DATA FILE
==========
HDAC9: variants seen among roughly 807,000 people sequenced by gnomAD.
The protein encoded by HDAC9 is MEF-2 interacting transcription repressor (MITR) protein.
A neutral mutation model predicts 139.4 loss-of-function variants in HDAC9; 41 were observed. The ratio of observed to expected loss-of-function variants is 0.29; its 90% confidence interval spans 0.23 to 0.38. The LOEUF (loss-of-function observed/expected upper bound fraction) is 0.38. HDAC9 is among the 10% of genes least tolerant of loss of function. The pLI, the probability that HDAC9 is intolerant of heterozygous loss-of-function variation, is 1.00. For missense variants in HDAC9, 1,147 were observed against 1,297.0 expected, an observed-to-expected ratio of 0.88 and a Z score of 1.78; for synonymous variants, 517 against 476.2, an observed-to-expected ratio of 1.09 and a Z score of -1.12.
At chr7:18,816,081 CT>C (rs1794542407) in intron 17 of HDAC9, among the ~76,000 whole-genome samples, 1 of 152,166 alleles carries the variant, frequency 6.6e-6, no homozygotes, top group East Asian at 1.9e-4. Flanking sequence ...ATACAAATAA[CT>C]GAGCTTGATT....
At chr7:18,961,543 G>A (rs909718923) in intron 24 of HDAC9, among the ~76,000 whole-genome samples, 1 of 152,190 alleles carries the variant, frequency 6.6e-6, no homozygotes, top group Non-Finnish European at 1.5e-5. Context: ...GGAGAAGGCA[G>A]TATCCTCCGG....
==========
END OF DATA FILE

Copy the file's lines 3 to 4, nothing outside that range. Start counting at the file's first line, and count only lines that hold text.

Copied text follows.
A neutral mutation model predicts 139.4 loss-of-function variants in HDAC9; 41 were observed. The ratio of observed to expected loss-of-function variants is 0.29; its 90% confidence interval spans 0.23 to 0.38. The LOEUF (loss-of-function observed/expected upper bound fraction) is 0.38. HDAC9 is among the 10% of genes least tolerant of loss of function. The pLI, the probability that HDAC9 is intolerant of heterozygous loss-of-function variation, is 1.00. For missense variants in HDAC9, 1,147 were observed against 1,297.0 expected, an observed-to-expected ratio of 0.88 and a Z score of 1.78; for synonymous variants, 517 against 476.2, an observed-to-expected ratio of 1.09 and a Z score of -1.12.
At chr7:18,816,081 CT>C (rs1794542407) in intron 17 of HDAC9, among the ~76,000 whole-genome samples, 1 of 152,166 alleles carries the variant, frequency 6.6e-6, no homozygotes, top group East Asian at 1.9e-4. Flanking sequence ...ATACAAATAA[CT>C]GAGCTTGATT....